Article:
David Brooks's column today is a suggested opening for his Wednesday night debate. It includes this "brutal truth" about Medicare costs: "Nobody knows how to reduce health-care inflation."
It's would be a pretty brutal truth except for the fact it's not really true at all: We have a lot of examples to look at where governments have successfully held down the rate of health-care cost inflation. Most of them do that through some version of price controls, where the government sets the rates that doctors can charge for various services.
There are a handful of developed countries that have seen health-care inflation grow relatively slowly over the past decade, the ones at the top of this chart from the OECD:
Let's focus on a few of the countries that have seen health-care costs grow slower than 2 percent, starting with Luxembourg's very low 0.7 percent growth. Their system allows patients free choice of what doctor to see or hospital to visit but has the government set all rates for what doctors get paid for those visits.
The national government exerts direct operational control over a large proportion of total health care expenditures, through a range of mechanisms, including caps on hospital revenue and national contracts with salaried physicians. The Ministry of Finance has been able to persuade the national government to agree to relatively small increases in the health care budget because the system has performed well, with a very high level of public satisfaction.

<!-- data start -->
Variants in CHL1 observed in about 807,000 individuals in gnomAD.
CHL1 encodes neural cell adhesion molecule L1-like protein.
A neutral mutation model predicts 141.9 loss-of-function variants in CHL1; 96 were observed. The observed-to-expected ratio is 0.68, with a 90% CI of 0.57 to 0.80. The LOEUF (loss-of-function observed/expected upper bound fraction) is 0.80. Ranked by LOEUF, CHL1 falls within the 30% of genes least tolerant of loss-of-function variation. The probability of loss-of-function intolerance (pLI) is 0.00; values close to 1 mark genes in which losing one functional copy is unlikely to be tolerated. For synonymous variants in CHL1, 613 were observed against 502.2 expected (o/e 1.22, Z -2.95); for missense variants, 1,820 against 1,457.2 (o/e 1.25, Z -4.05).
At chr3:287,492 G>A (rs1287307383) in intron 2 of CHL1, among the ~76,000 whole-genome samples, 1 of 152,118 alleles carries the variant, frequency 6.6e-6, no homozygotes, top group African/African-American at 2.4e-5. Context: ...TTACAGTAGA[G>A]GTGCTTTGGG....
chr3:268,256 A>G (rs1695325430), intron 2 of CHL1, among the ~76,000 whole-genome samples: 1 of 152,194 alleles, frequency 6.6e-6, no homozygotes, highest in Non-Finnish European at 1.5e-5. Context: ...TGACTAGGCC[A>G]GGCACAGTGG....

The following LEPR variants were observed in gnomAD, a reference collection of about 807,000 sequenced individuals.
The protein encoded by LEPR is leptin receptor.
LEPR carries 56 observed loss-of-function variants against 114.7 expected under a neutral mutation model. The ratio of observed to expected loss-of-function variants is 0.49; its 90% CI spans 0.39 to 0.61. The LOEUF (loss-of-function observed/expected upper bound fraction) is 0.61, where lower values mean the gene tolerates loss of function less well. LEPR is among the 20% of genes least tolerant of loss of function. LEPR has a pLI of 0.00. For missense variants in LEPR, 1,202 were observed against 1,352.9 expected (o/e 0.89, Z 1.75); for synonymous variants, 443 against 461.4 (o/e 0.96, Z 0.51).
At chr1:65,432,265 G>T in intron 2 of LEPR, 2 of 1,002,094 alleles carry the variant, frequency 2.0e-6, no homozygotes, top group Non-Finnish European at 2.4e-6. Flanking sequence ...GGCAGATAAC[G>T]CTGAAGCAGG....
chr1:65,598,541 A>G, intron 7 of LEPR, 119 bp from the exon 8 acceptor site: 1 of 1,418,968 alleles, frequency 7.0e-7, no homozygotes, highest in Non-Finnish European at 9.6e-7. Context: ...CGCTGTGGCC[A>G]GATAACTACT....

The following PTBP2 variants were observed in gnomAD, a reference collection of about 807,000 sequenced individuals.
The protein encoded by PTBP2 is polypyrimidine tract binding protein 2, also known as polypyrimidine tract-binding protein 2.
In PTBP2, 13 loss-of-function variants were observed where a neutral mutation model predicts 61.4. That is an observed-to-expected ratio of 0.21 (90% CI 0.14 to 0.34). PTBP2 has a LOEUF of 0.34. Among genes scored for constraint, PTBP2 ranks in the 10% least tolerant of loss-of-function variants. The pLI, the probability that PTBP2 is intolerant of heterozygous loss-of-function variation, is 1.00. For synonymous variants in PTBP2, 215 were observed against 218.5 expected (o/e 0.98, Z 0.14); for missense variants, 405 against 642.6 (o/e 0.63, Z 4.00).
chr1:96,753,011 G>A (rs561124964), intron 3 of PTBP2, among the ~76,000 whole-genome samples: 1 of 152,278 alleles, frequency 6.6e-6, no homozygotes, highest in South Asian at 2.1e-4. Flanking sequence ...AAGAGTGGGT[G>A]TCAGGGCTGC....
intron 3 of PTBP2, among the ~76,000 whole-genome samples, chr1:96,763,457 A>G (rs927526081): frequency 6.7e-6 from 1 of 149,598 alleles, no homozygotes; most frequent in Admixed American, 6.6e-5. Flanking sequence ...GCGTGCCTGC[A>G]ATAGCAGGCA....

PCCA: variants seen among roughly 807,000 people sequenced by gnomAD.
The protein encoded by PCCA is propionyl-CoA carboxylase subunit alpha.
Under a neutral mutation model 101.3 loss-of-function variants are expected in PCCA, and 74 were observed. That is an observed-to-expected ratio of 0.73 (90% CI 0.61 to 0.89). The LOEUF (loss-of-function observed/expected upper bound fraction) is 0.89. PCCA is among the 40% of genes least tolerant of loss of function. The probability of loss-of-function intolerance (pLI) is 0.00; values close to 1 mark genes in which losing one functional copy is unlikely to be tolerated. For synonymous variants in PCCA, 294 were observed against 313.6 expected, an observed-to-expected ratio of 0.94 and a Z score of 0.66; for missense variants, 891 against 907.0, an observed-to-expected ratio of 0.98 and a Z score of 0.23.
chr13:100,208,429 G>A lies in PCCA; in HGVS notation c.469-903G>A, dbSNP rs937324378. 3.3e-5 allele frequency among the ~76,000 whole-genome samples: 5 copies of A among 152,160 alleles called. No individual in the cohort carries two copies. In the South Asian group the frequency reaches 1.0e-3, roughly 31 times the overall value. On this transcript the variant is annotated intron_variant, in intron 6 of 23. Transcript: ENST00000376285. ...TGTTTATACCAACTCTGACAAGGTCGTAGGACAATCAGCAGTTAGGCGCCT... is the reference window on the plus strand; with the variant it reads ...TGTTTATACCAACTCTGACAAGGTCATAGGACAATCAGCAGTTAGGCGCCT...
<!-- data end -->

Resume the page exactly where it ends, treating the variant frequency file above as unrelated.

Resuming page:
It turns out that we don't even have to look internationally to find an example of success at holding down health cost inflation: Maryland has been quite successful at this for about four decades now. It is the only state that uses rate-setting for hospitals, meaning that the state government decides what all Maryland hospitals can charge for a given procedure.
That system went into effect in 1976, when Maryland had hospital costs 26 percent higher than the rest of the the country. Just over three decades later, in 2008, the average cost for a hospital admission in Maryland was down to national levels. "From 1997 through 2008, Maryland hospitals experienced the lowest cumulative growth in cost per adjusted admission of any state in the nation," the state concluded in a 2010 report.
Rate-setting isn't very well-liked in the United States. About 30 states implemented schemes similar to Maryland's in the 1990s but have repealed them since. The heavy-handed approach proved unpopular, and states shifted toward managed care as their cost-control method of choice.
Rate-setting has a pretty decent track record in holding down health-care inflation but less of a stellar scorecard in American politics. In a way, the success of rate-setting makes pretty simple sense: When the government has the final say on how much a medical procedure costs, it's pretty easy to hold down the price.